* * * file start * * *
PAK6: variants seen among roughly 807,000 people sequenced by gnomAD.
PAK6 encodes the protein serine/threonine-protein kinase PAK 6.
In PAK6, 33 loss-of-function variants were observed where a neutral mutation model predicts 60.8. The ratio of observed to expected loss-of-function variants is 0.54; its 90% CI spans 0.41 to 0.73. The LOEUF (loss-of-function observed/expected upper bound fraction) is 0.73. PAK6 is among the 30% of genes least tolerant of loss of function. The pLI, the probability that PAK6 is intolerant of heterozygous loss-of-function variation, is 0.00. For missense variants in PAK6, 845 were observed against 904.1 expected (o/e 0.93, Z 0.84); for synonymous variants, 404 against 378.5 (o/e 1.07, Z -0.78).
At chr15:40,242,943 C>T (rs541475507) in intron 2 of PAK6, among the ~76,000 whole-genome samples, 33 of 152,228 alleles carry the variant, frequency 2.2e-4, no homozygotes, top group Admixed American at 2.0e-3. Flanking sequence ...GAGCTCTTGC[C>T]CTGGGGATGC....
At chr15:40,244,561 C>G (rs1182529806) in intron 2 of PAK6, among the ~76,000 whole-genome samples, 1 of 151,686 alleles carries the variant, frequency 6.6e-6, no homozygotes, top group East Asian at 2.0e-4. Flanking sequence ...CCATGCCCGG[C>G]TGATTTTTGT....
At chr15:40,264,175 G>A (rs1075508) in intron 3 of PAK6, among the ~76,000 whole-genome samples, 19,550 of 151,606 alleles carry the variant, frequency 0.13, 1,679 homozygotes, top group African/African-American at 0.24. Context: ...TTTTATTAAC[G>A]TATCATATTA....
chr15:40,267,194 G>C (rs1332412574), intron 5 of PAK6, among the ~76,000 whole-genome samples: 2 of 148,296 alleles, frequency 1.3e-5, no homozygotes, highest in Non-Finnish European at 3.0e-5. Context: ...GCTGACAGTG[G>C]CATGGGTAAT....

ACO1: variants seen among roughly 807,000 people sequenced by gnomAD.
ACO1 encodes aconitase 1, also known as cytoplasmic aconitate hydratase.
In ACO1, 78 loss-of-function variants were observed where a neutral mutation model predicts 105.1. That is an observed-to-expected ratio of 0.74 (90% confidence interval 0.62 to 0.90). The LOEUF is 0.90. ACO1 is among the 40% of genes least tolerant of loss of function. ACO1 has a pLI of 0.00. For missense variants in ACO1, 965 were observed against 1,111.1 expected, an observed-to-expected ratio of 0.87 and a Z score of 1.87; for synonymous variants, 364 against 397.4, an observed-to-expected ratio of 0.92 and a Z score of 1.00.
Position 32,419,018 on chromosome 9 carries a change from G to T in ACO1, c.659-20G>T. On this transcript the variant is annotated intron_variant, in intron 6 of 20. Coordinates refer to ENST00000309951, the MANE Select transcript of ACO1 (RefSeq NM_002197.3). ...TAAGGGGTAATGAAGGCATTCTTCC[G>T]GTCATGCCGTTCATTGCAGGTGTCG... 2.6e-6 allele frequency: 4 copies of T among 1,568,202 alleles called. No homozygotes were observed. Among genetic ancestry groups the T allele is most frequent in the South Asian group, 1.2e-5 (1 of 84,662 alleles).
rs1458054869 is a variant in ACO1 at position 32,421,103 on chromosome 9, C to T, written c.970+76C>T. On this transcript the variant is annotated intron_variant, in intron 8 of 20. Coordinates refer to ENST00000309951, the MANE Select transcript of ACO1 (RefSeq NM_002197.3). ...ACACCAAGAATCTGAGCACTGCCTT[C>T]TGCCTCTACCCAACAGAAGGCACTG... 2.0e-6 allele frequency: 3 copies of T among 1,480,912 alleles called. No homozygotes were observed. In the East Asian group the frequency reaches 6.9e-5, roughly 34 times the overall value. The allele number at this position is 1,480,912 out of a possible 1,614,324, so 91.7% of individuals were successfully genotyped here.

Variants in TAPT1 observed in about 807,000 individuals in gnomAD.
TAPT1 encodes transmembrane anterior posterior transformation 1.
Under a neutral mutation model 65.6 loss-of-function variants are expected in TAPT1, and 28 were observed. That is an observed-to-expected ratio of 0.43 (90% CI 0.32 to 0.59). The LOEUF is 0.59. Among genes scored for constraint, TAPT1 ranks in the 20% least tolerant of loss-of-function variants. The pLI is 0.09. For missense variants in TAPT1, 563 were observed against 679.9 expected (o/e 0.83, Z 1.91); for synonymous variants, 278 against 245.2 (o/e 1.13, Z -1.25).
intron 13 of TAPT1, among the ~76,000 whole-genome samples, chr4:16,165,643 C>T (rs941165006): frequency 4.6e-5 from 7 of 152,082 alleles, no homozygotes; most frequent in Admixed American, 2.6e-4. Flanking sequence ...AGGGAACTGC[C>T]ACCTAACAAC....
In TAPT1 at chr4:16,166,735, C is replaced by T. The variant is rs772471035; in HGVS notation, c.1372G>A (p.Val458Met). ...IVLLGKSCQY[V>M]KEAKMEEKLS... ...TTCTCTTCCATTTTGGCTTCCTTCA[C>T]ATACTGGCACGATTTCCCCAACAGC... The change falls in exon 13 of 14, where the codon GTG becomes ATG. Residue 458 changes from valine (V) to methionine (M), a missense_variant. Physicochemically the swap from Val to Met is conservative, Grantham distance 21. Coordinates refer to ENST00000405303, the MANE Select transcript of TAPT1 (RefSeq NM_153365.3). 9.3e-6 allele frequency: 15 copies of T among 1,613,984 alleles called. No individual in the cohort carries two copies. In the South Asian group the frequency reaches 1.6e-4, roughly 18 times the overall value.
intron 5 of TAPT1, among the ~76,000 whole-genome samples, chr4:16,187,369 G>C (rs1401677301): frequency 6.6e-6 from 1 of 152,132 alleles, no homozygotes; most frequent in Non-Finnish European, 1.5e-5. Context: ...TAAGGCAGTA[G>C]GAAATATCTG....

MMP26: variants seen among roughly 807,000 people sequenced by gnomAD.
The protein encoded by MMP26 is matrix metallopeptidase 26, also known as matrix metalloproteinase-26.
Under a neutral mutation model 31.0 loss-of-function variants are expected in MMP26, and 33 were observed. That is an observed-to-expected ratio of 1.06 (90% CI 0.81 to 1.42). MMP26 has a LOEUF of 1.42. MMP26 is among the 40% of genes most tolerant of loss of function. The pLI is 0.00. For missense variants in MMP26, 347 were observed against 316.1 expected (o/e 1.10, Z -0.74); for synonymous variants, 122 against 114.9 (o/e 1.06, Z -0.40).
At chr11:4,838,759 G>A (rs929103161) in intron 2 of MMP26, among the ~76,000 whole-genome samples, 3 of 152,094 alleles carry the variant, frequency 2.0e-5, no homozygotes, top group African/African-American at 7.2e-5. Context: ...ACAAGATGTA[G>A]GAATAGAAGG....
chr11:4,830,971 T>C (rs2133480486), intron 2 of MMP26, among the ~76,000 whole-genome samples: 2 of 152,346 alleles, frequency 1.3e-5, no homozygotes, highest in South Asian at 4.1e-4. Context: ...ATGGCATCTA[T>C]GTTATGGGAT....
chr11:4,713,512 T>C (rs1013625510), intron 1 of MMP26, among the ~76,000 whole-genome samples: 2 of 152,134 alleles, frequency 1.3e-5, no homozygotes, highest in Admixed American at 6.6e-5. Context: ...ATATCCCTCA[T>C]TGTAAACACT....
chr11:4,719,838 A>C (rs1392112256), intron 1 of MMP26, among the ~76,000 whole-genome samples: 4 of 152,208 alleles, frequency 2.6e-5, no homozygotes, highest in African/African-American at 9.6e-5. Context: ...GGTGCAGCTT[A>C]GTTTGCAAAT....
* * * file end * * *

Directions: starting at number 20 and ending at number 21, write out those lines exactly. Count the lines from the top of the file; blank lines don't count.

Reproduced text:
The protein encoded by MMP26 is matrix metallopeptidase 26, also known as matrix metalloproteinase-26.
Under a neutral mutation model 31.0 loss-of-function variants are expected in MMP26, and 33 were observed. That is an observed-to-expected ratio of 1.06 (90% CI 0.81 to 1.42). MMP26 has a LOEUF of 1.42. MMP26 is among the 40% of genes most tolerant of loss of function. The pLI is 0.00. For missense variants in MMP26, 347 were observed against 316.1 expected (o/e 1.10, Z -0.74); for synonymous variants, 122 against 114.9 (o/e 1.06, Z -0.40).